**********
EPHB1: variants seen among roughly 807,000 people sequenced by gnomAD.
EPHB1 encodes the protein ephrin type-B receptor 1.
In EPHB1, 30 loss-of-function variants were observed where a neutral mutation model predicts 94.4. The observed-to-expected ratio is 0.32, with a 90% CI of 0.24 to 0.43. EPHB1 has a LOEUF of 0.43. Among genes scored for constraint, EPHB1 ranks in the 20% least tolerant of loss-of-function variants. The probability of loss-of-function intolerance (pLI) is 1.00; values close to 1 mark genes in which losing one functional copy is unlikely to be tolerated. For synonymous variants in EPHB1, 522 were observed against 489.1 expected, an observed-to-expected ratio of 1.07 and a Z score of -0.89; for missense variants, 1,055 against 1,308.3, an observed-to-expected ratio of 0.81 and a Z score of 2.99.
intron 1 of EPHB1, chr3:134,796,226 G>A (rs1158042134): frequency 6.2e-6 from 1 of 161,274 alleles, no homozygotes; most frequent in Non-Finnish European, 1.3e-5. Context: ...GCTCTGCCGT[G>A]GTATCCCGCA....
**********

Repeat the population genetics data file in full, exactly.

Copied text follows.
EPHB1: variants seen among roughly 807,000 people sequenced by gnomAD.
EPHB1 encodes the protein ephrin type-B receptor 1.
In EPHB1, 30 loss-of-function variants were observed where a neutral mutation model predicts 94.4. The observed-to-expected ratio is 0.32, with a 90% CI of 0.24 to 0.43. EPHB1 has a LOEUF of 0.43. Among genes scored for constraint, EPHB1 ranks in the 20% least tolerant of loss-of-function variants. The probability of loss-of-function intolerance (pLI) is 1.00; values close to 1 mark genes in which losing one functional copy is unlikely to be tolerated. For synonymous variants in EPHB1, 522 were observed against 489.1 expected, an observed-to-expected ratio of 1.07 and a Z score of -0.89; for missense variants, 1,055 against 1,308.3, an observed-to-expected ratio of 0.81 and a Z score of 2.99.
intron 1 of EPHB1, chr3:134,796,226 G>A (rs1158042134): frequency 6.2e-6 from 1 of 161,274 alleles, no homozygotes; most frequent in Non-Finnish European, 1.3e-5. Context: ...GCTCTGCCGT[G>A]GTATCCCGCA....